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T1 - Accelerated fractionation radiotherapy and concomitant chemotherapy in patients with stage IV inoperable head and neck cancer

AU - Dragovic, Jadranka

AU - Doyle, Thomas J.

AU - Tilchen, Eugene J.

AU - Nichols, Richard D.

AU - Benninger, Michael S.

AU - Carlson, Eric

AU - Boyd, Scoff B.

AU - Jacobsen, Gordon R.

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N2 - Background. Stage IV inoperable head and neck cancer has a 2‐year mortality rate of greater than 70% when treated with conventional radiotherapy. A Phase II study was undertaken to evaluate the effects of concomitant chemotherapy and accelerated, interrupted, twice‐a‐day radiotherapy on tumor response, locoregional control, survival, and morbidity. Methods. Thirty‐four patients with Stage IV inoperable squamous cell carcinoma of the head and neck and a minimum follow‐up of 36 months were evaluated. Concomitant chemoradiotherapy was administered during weeks 1, 3, and 5 (with planned breaks during weeks 2 and 4), consisting of cisplatin 60 mg/m2 on Day 1, continuous 5‐day infusion of 5‐fluorouracil, 750 mg/m2 per day, and radiotherapy, 2 Gy twice a day, more than 6 hours apart, followed by 3 days of radiation therapy alone (final “boost”) in week 6, for a total dose of 70 Gy and treatment duration of 5½ weeks (38 days). Results. Twenty‐seven patients achieved a clinical complete response (82%). Actuarial locoregional control at 3 years was 73% and the actuarial 3‐year survival probability, including all deaths, was 38%. All locoregional recurrences were manifested within 12 months. Of the 20 deaths, 12 were tumor related (locoregional and/or metastatic), 3 were treatment related, and 5 were due to other causes. Acute toxicity consisted of grade 3 mucositis and dysphagia and grade 2–3 leukopenia, not requiring treatment interruption or cessation. Conclusion. Concomitant accelerated radiation therapy and chemotherapy is a feasible treatment approach in this prognostically poor patient population, yielding dramatic tumor responses and impressive locoregional control at the cost of somewhat increased acute toxicity. Although serious late complications have not been observed, caution should be exercised in view of the relatively short follow up. Cancer 1995; 76:1655–61.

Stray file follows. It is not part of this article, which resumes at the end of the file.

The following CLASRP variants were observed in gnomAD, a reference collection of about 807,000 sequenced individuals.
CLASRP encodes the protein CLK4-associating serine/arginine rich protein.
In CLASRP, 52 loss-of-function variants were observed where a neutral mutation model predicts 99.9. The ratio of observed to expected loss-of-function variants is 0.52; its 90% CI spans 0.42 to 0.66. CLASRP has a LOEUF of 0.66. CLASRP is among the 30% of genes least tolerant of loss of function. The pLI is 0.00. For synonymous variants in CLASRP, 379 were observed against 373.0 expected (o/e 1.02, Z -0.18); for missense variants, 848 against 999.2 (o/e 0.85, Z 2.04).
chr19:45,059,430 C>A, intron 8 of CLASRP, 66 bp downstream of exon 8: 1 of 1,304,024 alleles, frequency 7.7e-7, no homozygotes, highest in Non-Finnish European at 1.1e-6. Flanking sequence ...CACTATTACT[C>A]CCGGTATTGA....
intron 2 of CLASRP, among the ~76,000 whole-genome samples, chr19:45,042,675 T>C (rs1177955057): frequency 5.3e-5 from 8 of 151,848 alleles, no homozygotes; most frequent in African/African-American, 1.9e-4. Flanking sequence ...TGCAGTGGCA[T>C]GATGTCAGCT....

AB - Background. Stage IV inoperable head and neck cancer has a 2‐year mortality rate of greater than 70% when treated with conventional radiotherapy. A Phase II study was undertaken to evaluate the effects of concomitant chemotherapy and accelerated, interrupted, twice‐a‐day radiotherapy on tumor response, locoregional control, survival, and morbidity. Methods. Thirty‐four patients with Stage IV inoperable squamous cell carcinoma of the head and neck and a minimum follow‐up of 36 months were evaluated. Concomitant chemoradiotherapy was administered during weeks 1, 3, and 5 (with planned breaks during weeks 2 and 4), consisting of cisplatin 60 mg/m2 on Day 1, continuous 5‐day infusion of 5‐fluorouracil, 750 mg/m2 per day, and radiotherapy, 2 Gy twice a day, more than 6 hours apart, followed by 3 days of radiation therapy alone (final “boost”) in week 6, for a total dose of 70 Gy and treatment duration of 5½ weeks (38 days). Results. Twenty‐seven patients achieved a clinical complete response (82%). Actuarial locoregional control at 3 years was 73% and the actuarial 3‐year survival probability, including all deaths, was 38%. All locoregional recurrences were manifested within 12 months. Of the 20 deaths, 12 were tumor related (locoregional and/or metastatic), 3 were treatment related, and 5 were due to other causes. Acute toxicity consisted of grade 3 mucositis and dysphagia and grade 2–3 leukopenia, not requiring treatment interruption or cessation. Conclusion. Concomitant accelerated radiation therapy and chemotherapy is a feasible treatment approach in this prognostically poor patient population, yielding dramatic tumor responses and impressive locoregional control at the cost of somewhat increased acute toxicity. Although serious late complications have not been observed, caution should be exercised in view of the relatively short follow up. Cancer 1995; 76:1655–61.